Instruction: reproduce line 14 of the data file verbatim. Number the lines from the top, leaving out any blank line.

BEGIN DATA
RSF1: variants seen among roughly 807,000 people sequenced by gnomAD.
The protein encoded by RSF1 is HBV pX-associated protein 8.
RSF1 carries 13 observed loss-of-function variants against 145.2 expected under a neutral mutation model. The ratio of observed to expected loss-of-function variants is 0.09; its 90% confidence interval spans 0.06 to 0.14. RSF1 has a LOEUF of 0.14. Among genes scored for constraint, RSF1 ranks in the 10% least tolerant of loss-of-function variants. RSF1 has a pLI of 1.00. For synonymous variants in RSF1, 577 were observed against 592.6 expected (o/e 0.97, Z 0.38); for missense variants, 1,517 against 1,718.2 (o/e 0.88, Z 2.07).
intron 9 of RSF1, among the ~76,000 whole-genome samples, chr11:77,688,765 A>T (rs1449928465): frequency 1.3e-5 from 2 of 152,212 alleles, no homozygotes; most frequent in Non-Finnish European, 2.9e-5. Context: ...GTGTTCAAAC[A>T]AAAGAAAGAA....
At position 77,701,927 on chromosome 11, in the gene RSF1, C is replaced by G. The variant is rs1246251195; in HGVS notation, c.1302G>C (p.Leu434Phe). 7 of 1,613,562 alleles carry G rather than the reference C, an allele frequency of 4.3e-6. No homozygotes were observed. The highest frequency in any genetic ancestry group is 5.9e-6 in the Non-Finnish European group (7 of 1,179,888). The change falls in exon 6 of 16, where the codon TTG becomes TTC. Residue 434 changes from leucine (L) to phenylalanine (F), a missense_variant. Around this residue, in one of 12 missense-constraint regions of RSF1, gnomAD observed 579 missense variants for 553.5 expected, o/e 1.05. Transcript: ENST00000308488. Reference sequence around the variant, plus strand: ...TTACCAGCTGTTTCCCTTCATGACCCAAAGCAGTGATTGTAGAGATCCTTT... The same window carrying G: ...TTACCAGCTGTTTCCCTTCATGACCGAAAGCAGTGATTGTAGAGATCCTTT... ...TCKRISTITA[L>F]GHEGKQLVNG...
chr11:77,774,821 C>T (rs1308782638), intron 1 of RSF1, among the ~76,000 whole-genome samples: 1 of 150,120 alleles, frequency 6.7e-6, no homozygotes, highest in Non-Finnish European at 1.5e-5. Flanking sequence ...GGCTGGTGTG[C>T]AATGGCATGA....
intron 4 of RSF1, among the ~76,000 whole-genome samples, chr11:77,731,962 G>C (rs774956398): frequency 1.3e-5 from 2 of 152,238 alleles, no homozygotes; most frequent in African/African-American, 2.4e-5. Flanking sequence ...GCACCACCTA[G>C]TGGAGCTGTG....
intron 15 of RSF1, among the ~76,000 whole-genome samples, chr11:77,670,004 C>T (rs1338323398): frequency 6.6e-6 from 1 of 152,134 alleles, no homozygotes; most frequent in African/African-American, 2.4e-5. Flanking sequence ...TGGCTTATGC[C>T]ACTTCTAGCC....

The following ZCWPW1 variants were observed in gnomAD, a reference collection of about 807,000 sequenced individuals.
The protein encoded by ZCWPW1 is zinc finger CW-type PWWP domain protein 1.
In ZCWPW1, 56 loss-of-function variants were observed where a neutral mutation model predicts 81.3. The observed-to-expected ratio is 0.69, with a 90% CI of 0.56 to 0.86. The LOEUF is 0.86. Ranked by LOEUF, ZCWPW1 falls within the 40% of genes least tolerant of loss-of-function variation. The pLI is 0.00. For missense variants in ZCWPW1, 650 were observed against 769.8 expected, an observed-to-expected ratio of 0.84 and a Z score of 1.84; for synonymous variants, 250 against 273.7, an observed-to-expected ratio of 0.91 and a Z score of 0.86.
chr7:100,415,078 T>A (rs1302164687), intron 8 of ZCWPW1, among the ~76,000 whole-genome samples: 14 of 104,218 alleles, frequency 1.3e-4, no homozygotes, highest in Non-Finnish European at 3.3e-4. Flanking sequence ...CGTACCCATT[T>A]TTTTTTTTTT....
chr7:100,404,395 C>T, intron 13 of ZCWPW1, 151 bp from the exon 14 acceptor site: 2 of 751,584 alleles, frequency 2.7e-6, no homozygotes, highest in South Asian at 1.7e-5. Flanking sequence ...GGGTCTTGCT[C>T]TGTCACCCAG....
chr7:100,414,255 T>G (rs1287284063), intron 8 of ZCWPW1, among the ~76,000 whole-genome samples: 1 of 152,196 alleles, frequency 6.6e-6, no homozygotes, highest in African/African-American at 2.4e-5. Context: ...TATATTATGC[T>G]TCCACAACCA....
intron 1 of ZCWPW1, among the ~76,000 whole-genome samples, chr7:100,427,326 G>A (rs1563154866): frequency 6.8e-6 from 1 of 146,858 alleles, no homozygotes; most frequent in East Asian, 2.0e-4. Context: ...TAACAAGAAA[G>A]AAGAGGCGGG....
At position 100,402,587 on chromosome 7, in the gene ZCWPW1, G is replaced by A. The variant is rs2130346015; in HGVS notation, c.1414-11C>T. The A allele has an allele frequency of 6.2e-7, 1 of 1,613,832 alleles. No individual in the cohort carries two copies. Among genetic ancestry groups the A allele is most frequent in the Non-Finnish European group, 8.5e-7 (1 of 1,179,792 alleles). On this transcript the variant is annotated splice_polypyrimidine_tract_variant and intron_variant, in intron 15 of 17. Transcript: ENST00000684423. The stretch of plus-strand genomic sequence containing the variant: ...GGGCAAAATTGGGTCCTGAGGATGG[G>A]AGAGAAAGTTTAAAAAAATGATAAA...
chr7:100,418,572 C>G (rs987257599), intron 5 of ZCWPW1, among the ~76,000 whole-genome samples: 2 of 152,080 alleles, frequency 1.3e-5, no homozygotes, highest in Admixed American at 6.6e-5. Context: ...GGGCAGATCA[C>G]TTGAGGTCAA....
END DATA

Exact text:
chr7:100,414,255 T>G (rs1287284063), intron 8 of ZCWPW1, among the ~76,000 whole-genome samples: 1 of 152,196 alleles, frequency 6.6e-6, no homozygotes, highest in African/African-American at 2.4e-5. Context: ...TATATTATGC[T>G]TCCACAACCA....